Indexed on: 01 Jun '18Published on: 28 May '18Published in: Vacuum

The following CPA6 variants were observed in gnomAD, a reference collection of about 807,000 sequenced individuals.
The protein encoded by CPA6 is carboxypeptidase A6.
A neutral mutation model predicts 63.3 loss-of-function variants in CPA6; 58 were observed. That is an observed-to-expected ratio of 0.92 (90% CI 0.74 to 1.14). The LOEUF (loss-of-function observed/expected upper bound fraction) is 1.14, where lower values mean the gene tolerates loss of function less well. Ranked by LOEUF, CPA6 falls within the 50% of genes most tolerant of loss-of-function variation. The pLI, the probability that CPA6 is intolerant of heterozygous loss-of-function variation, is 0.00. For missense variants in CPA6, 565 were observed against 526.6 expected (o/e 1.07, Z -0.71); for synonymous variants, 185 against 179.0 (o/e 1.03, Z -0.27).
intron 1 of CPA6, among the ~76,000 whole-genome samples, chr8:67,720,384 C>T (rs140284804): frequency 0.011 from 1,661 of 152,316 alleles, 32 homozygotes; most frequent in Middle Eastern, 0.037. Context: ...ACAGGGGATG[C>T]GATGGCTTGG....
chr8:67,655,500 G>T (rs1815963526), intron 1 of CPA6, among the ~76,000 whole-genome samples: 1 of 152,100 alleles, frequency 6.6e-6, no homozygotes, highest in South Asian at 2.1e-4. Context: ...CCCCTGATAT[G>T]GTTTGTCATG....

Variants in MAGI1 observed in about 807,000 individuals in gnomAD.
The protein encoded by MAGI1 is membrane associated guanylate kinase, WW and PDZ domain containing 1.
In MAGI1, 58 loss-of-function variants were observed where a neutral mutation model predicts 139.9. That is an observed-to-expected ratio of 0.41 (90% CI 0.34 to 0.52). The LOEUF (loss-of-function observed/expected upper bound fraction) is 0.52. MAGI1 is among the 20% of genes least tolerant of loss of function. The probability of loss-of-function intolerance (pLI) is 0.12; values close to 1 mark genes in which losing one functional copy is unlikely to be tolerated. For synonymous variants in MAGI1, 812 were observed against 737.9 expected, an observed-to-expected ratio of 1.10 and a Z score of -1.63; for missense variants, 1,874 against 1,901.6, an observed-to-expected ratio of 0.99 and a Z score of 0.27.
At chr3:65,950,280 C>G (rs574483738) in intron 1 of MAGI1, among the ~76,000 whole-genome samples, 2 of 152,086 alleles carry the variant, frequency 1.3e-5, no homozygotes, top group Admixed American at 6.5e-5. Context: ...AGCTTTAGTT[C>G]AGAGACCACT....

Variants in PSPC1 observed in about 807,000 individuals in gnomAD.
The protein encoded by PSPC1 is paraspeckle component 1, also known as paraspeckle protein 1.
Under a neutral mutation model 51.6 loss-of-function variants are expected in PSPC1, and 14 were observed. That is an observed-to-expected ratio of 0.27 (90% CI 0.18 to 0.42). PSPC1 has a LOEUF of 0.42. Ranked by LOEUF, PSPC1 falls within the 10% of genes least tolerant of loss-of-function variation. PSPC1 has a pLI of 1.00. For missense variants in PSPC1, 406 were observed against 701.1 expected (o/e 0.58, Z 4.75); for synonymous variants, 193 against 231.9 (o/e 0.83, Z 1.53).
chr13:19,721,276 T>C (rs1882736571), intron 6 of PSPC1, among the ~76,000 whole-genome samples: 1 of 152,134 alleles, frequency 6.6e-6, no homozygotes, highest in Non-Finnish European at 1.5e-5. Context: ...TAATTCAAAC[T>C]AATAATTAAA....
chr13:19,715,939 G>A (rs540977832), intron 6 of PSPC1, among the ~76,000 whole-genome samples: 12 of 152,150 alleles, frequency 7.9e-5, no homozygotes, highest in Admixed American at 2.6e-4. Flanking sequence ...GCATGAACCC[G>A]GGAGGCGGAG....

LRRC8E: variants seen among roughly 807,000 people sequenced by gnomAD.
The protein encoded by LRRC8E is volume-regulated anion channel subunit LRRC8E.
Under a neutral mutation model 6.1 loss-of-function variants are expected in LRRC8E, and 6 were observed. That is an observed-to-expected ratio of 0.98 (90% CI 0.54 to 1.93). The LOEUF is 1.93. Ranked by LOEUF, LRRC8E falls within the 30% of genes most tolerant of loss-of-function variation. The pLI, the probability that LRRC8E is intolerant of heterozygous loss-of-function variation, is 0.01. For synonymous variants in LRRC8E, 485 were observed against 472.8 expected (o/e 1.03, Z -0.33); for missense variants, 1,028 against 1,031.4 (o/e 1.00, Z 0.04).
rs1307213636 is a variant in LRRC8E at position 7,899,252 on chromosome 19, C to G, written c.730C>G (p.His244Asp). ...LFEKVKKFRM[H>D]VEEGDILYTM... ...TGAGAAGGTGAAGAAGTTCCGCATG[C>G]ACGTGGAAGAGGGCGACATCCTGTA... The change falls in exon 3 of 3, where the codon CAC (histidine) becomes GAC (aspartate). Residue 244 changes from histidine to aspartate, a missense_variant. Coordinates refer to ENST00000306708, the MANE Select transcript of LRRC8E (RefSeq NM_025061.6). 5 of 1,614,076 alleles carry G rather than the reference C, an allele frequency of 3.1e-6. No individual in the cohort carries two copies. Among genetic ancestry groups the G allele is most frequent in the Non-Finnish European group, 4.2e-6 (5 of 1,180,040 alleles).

Publication date: August 2018 Source:Vacuum, Volume 154 Author(s): Md. Haider A. Shaim, Hani E. Elsayed-Ali Fully-stripped boron ions are generated by a nanosecond Nd:YAG laser (wavelength λ = 1064 nm, pulse width τ = 7 ns, and maximum laser pulse energy E = 175 mJ) ablation of a B target in vacuum. Time-of-flight and three-grid electrostatic retarding field ion energy-to-charge analyzers are used to detect charge and kinetic energy distribution of the ions. Higher charge states, along with the increase in the number of ions detected, are observed with the increase in the laser fluence. An external electric field between the end of the expansion chamber and a grounded grid is used to extract the ions and accelerate them according to their charge state. For 5 kV accelerating voltage applied to the B target and using a laser fluence of 115 J/cm2, ∼1.5 nC of total charge is delivered to the detector which is located ∼150 cm away from the B target. Ion deflection by an electrostatic field separates the ions from the neutrals and makes this geometry suitable for ion implantation.